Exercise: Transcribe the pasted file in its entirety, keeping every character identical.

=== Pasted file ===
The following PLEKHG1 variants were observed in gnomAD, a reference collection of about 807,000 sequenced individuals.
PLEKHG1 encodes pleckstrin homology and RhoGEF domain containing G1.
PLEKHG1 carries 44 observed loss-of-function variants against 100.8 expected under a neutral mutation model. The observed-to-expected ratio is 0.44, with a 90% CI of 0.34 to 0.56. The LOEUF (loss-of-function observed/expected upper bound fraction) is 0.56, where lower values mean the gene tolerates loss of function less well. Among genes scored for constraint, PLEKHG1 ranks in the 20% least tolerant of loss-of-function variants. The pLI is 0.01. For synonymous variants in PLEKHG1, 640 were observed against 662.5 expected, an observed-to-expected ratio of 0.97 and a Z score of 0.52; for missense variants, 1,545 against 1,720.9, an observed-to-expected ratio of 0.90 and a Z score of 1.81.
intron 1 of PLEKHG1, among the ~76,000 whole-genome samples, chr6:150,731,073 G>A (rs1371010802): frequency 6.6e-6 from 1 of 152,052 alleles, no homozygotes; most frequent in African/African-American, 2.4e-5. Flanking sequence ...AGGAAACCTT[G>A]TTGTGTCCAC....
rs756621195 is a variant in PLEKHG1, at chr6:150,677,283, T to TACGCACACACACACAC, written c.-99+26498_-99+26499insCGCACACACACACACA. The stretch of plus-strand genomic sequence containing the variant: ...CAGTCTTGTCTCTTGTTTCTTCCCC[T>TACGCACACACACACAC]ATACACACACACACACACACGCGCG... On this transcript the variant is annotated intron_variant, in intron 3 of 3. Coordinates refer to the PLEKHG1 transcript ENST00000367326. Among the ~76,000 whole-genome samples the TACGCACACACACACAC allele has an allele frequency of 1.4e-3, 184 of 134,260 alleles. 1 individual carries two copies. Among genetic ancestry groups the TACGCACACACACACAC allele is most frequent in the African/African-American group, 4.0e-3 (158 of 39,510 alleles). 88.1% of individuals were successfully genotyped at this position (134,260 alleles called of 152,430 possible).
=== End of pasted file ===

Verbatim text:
The following PLEKHG1 variants were observed in gnomAD, a reference collection of about 807,000 sequenced individuals.
PLEKHG1 encodes pleckstrin homology and RhoGEF domain containing G1.
PLEKHG1 carries 44 observed loss-of-function variants against 100.8 expected under a neutral mutation model. The observed-to-expected ratio is 0.44, with a 90% CI of 0.34 to 0.56. The LOEUF (loss-of-function observed/expected upper bound fraction) is 0.56, where lower values mean the gene tolerates loss of function less well. Among genes scored for constraint, PLEKHG1 ranks in the 20% least tolerant of loss-of-function variants. The pLI is 0.01. For synonymous variants in PLEKHG1, 640 were observed against 662.5 expected, an observed-to-expected ratio of 0.97 and a Z score of 0.52; for missense variants, 1,545 against 1,720.9, an observed-to-expected ratio of 0.90 and a Z score of 1.81.
intron 1 of PLEKHG1, among the ~76,000 whole-genome samples, chr6:150,731,073 G>A (rs1371010802): frequency 6.6e-6 from 1 of 152,052 alleles, no homozygotes; most frequent in African/African-American, 2.4e-5. Flanking sequence ...AGGAAACCTT[G>A]TTGTGTCCAC....
rs756621195 is a variant in PLEKHG1, at chr6:150,677,283, T to TACGCACACACACACAC, written c.-99+26498_-99+26499insCGCACACACACACACA. The stretch of plus-strand genomic sequence containing the variant: ...CAGTCTTGTCTCTTGTTTCTTCCCC[T>TACGCACACACACACAC]ATACACACACACACACACACGCGCG... On this transcript the variant is annotated intron_variant, in intron 3 of 3. Coordinates refer to the PLEKHG1 transcript ENST00000367326. Among the ~76,000 whole-genome samples the TACGCACACACACACAC allele has an allele frequency of 1.4e-3, 184 of 134,260 alleles. 1 individual carries two copies. Among genetic ancestry groups the TACGCACACACACACAC allele is most frequent in the African/African-American group, 4.0e-3 (158 of 39,510 alleles). 88.1% of individuals were successfully genotyped at this position (134,260 alleles called of 152,430 possible).